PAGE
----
That’s awesome. And you know, we’re talking a lot about the races but you’re you’re running in between these races, like you’re training your your I’m sure you’re doing some other types of activities to kind of stay in shape. So like talk a little bit about that. So in between the races What is your what is your training look like? Or what is your schedule look like?
I don’t have a set schedule it’s more or less you know, I will run a few times a week and then a fit in you know, like you know, some like either weights or I’d you know, do the Insanity program occasionally. You know, just to kind of keep up with you know, doing something but yeah, I don’t have an exact set schedule, it’s more or less just depending on what I’m training for. I mean, this year, you know, my training has definitely been off me with everything being canceled, you know, beginning of the year I had signed up for a bunch of races I was going to do my third half marathon this fall but with everything kind of being canceled you know like you were saying before it’s it’s been tougher to find that motivation this year but I’m still trying to keep up with everything you know when and where I can that’s for sure.
Richard Conner 14:21
Yeah, and I you know, I’m very it’s too bad because I just learned that my old high school will not hold their race this year. Their annual 5K so it has been really hard to find races and like I said I’ve done a lot of virtual but I know not everybody really likes virtual like everybody you know a lot of people like doing live races. So I know there are folks that are just waiting for them to come back. You know.
Brian Doerr 14:49
Yeah our our town just held their annual 5K this year, but I know they limited the number of runners they could be at it. They had everyone spaced out and they were doing like small waves of people. They I know, they’re the races that are running, there’s definitely restrictions and then race changes, that’s for sure.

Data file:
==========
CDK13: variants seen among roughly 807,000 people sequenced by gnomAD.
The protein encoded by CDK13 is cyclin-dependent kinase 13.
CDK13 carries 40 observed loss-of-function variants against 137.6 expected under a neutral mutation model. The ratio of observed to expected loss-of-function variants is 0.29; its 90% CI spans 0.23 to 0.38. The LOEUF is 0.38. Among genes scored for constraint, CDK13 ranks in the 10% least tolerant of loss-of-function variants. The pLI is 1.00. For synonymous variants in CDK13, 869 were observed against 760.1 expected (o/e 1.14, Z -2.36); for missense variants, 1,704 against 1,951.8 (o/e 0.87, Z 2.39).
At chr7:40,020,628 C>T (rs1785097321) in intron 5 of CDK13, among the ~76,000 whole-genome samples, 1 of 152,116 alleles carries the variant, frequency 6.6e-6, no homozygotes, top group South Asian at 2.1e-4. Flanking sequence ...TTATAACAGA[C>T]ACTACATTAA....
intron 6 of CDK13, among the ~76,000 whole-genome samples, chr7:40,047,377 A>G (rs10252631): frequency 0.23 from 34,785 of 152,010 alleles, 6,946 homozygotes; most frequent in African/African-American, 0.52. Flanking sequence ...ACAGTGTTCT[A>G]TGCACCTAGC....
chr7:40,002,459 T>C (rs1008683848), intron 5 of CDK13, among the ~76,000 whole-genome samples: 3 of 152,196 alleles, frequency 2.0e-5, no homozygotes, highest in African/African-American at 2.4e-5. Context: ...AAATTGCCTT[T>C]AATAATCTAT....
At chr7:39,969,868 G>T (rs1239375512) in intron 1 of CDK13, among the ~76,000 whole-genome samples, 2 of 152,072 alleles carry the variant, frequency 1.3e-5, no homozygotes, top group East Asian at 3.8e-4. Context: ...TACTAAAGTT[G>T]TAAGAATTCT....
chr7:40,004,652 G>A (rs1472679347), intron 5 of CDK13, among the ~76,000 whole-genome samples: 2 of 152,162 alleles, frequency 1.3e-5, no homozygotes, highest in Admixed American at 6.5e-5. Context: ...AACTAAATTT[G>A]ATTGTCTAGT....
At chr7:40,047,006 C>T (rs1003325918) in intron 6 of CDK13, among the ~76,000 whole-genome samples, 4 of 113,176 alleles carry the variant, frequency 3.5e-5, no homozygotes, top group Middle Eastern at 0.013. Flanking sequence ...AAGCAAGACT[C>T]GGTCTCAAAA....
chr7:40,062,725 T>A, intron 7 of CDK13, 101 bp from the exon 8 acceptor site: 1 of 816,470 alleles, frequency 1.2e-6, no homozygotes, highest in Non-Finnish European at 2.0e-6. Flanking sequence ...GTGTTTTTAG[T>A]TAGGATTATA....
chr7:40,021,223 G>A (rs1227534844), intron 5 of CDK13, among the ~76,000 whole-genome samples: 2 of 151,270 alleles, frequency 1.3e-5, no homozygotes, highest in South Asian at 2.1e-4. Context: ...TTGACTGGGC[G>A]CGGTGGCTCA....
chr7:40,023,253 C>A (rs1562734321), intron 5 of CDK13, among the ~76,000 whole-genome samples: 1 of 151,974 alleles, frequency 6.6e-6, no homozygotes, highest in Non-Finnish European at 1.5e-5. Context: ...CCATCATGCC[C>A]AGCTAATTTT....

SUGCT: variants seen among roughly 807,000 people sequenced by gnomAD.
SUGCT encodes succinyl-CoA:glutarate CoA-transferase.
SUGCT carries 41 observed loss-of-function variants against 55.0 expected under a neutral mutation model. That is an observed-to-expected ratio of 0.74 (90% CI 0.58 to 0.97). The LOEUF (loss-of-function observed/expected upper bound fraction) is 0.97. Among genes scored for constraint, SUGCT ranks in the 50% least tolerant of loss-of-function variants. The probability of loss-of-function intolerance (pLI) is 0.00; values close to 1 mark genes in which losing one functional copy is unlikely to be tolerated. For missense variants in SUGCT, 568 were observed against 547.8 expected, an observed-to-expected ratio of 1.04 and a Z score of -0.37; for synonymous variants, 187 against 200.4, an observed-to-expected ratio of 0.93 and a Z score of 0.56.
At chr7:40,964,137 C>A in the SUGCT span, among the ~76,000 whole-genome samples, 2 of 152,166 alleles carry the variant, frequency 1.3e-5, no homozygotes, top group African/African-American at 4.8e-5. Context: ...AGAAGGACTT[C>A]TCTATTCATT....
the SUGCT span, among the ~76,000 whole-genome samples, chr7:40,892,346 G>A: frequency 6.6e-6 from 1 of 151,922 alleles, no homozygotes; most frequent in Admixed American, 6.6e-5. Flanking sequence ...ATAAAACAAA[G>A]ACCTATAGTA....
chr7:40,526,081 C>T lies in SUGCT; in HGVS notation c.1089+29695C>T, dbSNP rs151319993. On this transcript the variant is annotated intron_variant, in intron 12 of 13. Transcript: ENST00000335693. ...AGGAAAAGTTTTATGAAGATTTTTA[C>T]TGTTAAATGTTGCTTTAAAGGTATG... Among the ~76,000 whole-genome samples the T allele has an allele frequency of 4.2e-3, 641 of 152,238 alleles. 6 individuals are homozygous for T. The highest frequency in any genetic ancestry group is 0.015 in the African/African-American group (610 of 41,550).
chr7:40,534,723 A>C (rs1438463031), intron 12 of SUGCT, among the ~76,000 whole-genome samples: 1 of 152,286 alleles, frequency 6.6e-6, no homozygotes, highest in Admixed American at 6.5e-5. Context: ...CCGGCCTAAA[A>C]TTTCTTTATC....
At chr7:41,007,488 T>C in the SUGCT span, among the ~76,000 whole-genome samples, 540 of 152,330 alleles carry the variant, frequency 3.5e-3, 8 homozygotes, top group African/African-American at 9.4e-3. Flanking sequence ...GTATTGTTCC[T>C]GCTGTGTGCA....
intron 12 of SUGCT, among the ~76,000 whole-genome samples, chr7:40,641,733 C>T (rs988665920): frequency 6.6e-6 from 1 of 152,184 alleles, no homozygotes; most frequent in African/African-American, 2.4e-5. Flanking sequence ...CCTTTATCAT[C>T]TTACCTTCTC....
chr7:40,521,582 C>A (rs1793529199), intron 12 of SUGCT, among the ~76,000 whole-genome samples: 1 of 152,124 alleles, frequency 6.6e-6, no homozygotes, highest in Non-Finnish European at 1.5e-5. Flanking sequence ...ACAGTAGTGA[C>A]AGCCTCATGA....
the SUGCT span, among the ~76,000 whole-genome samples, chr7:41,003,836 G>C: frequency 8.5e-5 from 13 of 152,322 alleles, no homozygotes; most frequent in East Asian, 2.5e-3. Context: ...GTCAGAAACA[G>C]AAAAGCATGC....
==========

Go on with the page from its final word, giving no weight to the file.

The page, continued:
Richard Conner 15:09
Mm hmm. Absolutely. All right. So you, you’ve run all of these races, you do the training in between the weights and the Insanity. You’ve met a lot of cool people along the way, it sounds like so really great experiences. So what would you say you enjoy most about running?
Brian Doerr 15:30
I would say that, you know, it just the, it’s been, it’s been a challenge for myself, just to, to see what my limits are, it’s just been a great experience getting out there and doing all the different races, meeting all the different people, but I’d say, you know, probably just just the, the challenge for me, was, in the most, the best part for me was just seeing what I could do and seeing what I was capable of. And I went from not being a runner at all, and something that it was, you know, I only did it when I had to to once I kind of got into it. Alright, this is great. You know, I love it. You know, what, what else can I do? And what times can I be, you know, it just kind of like the competition of it, I guess, has really been the one thing that I’ve liked the most about it.
Richard Conner 16:11
Very cool. And it sounds like it’s really competition with your with yourself, like I know you’re looking to to place or rank high and the races, but it really feels like the motivating factor for you is to beat your old time or improve in certain areas of running. Right is that is would you agree with that?
Brian Doerr 16:29